I was reminded this past week that I was the first member to demand an emergency debate of the Church of England’s General Synod.
After twenty-two years of its suppression, Church Times last week posted a copy of the Osborne Report on its web site (see story, download Osborne Report in PDF) commissioned by the bishops in 1986 on issues ‘connected with homosexuality’. The committee, chaired by June Osborne who is now Dean of Salisbury, submitted its findings in an one-hundred-and-forty-four page report in October 1988. By June 1989 a Foreward suitable for publication was attached to the Report. But it was decided that it should not be published.
The Osborne Report was a carefully worded pastoral exhortation to the church, and far more sympathetic to homosexuals than anything that had come before. It was leaked to a regional television programme Granada Up Front on 9 February 1990 but very few people saw the written report.
I submitted my demand for an emergency debate of General Synod to have the Report published. The Archbishops declined my request but Robert Runcie came up to me in the coffee break to say that even if World War Three had broken out, he doubted if it would have warranted an emergency debate. But a good try, Barnaby, well done!
The Osborne Report might have become a published policy document but for the intervening private member’s motion in General Synod in November 1987 - the Higton Debate. In the debate homosexuality was demoted from being a sin to falling short of the ideal - so long as homosexuals repented. It was a long and heated debate and particularly poignant for me because this is when I declared my own homosexuality to the world.
Some months later, despite coming out, I was charged by the Archbishop of Canterbury to prepare working papers for the once-every-ten-years Lambeth Conference of 1988. The Conference decided to call on all bishops of the Anglican Communion to undertake in the next decade ‘a deep and dispassionate study of the question of homosexuality’ in its Resolution 64.
Instead of taking on board the Osborne Report, the bishops commissioned another report. But when it was published in December 1991 it was entitled a Statement of the House of Bishops and was called Issues in Human Sexuality. In this, and for the first time by a significant denomination, some permission was given for lay people to have same-sex relations, although this was strictly forbidden for the clergy. Flawed thinking, some said, but it remains the rule.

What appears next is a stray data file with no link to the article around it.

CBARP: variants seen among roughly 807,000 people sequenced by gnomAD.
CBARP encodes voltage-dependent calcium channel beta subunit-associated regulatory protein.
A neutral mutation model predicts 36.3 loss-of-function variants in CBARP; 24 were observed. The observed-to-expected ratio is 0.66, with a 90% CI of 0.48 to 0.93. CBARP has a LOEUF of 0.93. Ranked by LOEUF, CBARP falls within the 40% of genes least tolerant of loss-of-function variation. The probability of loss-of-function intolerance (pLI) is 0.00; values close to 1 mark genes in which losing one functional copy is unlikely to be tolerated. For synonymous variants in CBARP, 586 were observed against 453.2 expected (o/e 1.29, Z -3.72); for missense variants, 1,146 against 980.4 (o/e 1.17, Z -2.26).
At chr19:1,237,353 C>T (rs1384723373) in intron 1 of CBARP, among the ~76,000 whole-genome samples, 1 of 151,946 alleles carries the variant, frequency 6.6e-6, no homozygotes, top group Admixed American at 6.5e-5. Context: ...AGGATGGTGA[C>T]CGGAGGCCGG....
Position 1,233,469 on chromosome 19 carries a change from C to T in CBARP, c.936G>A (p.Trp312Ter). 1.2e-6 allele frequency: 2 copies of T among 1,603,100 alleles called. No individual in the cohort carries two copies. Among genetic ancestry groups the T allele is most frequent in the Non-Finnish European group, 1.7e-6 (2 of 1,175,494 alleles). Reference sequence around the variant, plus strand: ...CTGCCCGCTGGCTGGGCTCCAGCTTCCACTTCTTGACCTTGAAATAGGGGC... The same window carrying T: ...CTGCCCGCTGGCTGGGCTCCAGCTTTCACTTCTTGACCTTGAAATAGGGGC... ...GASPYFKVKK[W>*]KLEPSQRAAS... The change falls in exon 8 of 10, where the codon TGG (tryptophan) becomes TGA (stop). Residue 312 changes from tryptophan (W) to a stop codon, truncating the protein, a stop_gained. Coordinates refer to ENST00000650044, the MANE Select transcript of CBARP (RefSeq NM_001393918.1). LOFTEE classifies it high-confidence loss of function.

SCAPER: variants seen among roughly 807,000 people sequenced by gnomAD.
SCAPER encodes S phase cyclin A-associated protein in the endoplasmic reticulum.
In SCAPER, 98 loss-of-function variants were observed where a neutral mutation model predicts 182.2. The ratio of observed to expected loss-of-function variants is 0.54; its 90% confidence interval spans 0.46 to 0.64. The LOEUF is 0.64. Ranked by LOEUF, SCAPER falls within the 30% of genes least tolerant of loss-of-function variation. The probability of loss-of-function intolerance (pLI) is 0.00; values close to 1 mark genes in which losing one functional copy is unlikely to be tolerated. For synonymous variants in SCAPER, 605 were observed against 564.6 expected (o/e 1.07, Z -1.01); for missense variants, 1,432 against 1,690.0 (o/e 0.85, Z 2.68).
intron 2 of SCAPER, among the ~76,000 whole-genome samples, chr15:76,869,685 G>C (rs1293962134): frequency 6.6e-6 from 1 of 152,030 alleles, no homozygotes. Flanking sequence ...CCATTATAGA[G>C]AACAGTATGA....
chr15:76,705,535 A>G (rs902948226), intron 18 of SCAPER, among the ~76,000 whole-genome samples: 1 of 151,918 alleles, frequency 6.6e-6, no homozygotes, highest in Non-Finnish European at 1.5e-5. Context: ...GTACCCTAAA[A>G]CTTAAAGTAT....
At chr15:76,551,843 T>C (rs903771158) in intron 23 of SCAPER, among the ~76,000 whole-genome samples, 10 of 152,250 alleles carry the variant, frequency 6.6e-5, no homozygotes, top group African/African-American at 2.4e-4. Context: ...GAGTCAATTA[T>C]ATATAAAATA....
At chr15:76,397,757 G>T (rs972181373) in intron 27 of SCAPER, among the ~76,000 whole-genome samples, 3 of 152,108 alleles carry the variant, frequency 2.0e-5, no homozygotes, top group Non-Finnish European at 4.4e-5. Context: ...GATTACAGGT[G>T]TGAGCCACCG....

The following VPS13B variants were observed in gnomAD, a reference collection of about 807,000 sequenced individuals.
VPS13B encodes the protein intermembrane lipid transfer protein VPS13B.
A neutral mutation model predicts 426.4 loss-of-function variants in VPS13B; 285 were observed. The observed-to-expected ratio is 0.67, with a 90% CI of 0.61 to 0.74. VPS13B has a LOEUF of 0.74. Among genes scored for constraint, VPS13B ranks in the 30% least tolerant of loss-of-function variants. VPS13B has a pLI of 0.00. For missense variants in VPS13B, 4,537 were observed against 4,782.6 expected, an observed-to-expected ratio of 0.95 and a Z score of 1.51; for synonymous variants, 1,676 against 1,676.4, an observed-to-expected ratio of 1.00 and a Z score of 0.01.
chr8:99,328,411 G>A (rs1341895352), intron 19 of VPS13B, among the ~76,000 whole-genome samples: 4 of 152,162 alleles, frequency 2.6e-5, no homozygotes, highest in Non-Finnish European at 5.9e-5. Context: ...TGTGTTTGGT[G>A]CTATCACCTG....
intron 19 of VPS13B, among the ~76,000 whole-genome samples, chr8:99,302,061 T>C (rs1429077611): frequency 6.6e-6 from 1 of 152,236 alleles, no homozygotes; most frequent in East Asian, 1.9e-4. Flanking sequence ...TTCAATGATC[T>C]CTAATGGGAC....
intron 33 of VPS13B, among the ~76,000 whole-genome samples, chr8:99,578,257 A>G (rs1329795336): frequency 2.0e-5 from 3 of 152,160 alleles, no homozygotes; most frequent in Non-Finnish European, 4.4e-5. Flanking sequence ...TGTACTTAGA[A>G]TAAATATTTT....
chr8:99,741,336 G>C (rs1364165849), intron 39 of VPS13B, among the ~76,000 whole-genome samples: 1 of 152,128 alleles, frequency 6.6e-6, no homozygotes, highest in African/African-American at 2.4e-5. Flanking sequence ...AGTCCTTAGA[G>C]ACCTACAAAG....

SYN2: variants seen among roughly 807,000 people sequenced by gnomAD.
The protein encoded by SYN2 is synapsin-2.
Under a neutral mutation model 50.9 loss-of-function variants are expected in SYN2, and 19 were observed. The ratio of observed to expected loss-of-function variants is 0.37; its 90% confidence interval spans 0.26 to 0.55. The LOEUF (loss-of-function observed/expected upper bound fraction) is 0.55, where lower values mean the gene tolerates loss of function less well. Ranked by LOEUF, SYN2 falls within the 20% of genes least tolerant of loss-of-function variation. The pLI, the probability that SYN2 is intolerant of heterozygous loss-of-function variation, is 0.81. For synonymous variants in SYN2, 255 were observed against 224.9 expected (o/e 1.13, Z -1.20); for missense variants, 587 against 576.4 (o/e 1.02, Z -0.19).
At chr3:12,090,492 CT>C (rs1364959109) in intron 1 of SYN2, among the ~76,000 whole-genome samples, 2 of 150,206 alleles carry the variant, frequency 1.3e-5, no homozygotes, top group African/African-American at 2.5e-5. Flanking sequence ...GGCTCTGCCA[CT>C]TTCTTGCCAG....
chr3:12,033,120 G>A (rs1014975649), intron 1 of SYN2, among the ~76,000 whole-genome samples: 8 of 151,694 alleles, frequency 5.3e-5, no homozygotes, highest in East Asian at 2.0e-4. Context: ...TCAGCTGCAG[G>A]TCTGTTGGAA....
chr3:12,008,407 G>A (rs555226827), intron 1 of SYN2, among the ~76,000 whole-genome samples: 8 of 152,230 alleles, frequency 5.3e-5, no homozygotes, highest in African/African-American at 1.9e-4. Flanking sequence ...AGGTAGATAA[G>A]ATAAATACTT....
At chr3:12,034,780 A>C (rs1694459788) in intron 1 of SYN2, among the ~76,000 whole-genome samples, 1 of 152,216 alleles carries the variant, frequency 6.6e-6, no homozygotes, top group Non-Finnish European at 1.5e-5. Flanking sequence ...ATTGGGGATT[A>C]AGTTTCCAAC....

Along has come civil partnerships. These are acceptable for the clergy - so long as there’s no sex. Nor can a civil partnership ceremony, whether for clergy or laity, take place in a church.
Now the Church of England has new committees, one looking at homosexuality broadly and the other on the civil partnerships issue. The Church of Scotland gave six-and-a half hours to a debate in General Assembly in May 2011 with a fairly liberal outcome - and now they have a committee spending two years looking further into the matter.
Here in Scotland there is thought of upgrading civil partnership to full scale marriage. A Scottish Government consultation period has closed. The might of the Roman Catholic Church, the Church of Scotland and indeed the hitherto liberal Scottish Episcopal Church oppose the proposal. And Westminster is following on with a consultation about to begin and the Archbishop of York firmly against.
The best thing I ever did was to be honest with myself and come out. Now I smugly watch the churches find one report after another, one debate after another, an excuse to come to terms with the inevitable.
I repeat what I said in the General Synod twenty five years ago: basing these matters on biblical standards alone needs a great deal of justification when we so readily reject biblical teaching in matters that no longer seem suitable, for instance, lending money with interest, treatment of slaves and so on.